I recently participated in the Language Perfect World Series competition, which is the world’s largest online language competition with an average of 200,000 participants worldwide per year. This year, I managed to rank 1st in the UK and 16th worldwide.
I received an amazing trophy last year when I ranked 1st overall in Europe and 14th overall worldwide. I also got invited to apply to the Education Perfect Student Internship and made it through to the interview stage, in the top five.
I have been competing in these competitions for about three years now and have learnt so much from them. They help me improve my knowledge and understanding of many languages and cultures (French, Spanish, Japanese, German, Arabic, Samoa, Maori…)
The competition is part of a larger event called the Education Perfect World Series which involves more than 300,000 students from around the world, competing in maths, science, English, languages and humanities.
Most people have heard of the competition and have seen me receive awards for them, but few actually know the gruelling work that goes behind the certificates.
The EP Languages Championship is a seven-day online event in which each competitor has an eight-hour time limit to spend learning vocabulary, listening and reading comprehension texts, answering questions about them, completing grammar exercises and intensive/extensive vocabulary tests.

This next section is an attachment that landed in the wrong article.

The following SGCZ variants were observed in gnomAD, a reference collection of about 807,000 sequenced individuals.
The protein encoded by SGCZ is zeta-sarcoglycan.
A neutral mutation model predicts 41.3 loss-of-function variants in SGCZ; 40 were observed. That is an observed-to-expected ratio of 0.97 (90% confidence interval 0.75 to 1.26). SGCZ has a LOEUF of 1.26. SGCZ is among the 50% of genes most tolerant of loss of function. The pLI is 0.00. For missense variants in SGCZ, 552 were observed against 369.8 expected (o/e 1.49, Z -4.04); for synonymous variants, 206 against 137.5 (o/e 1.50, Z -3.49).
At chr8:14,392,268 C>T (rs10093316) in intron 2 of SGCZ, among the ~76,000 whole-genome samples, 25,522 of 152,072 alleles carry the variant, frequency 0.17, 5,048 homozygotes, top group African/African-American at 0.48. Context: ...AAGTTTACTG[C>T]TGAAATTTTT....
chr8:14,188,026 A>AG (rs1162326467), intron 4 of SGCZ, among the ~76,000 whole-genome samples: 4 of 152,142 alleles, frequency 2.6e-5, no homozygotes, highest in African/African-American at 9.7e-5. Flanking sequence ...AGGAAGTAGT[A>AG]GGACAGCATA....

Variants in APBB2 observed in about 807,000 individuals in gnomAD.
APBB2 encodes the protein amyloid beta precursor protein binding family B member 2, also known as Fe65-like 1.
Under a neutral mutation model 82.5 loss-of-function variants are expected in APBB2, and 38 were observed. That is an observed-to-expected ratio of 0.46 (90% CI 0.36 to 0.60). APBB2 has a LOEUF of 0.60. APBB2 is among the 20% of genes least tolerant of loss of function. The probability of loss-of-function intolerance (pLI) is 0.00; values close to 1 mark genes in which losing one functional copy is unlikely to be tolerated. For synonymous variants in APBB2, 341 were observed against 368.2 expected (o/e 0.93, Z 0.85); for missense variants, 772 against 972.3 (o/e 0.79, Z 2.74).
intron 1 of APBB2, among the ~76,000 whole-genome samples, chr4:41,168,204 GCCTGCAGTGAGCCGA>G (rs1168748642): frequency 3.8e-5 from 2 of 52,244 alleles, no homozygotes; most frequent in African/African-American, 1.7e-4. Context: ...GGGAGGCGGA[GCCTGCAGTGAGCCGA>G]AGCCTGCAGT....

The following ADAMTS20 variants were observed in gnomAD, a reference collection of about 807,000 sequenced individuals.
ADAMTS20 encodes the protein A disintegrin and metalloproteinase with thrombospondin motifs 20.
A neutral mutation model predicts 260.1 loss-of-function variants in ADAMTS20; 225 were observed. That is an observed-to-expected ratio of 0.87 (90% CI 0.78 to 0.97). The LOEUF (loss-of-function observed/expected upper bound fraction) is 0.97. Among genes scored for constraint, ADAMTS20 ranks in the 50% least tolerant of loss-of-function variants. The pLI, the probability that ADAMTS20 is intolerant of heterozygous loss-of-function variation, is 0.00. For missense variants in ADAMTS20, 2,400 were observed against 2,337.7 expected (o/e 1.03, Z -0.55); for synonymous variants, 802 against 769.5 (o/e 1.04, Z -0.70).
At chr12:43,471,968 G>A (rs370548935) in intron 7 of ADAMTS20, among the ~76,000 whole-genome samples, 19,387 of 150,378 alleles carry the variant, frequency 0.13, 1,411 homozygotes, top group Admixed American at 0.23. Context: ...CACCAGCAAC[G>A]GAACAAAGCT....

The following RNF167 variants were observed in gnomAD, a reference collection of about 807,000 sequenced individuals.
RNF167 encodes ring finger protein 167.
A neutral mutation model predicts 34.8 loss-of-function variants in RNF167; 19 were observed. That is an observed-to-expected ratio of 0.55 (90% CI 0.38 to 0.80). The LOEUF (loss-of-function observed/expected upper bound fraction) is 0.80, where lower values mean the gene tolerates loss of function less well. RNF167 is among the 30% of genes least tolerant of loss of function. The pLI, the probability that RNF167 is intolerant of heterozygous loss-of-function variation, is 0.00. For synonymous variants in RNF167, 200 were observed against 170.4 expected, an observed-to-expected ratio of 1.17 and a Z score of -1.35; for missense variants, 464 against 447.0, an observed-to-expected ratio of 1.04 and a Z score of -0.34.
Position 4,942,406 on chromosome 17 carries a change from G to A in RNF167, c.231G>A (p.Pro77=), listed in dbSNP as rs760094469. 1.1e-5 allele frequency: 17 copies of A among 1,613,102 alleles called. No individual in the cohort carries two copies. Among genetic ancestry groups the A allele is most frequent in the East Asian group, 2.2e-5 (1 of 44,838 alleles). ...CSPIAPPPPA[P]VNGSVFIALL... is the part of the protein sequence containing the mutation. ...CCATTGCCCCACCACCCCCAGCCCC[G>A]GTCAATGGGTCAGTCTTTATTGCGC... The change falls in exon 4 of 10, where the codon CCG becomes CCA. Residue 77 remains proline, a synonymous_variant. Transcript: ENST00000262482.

This year the competition happened during the summer holidays, which I spent traveling around north of France. I used my eight hours most days, apart from when we were travelling around France as my hotspot kept dying in the car which was very frustrating because I got behind.
Obviously, a lot of perseverance, endurance and resilience is required to compete and do well in these competitions. I owe all of my success to my family and friends that encouraged me to keep going, the mountains of food I ate and the satisfaction of seeing my name going up on the scoreboard.
This can get very addictive and challenging. After answering all the questions in the languages I am familiar with I had no choice but to tackle new ones.
I would go to bed so proud of myself, having ranked in the top 10, only to wake up gutted to have been outranked by some Australians and New Zealanders.
I am so thankful for Education Perfect as it has allowed me to further my passion for learning and languages. I am also very grateful to the MFL Department for introducing me to it.
I would encourage more students at St Helen’s to take part in the experience.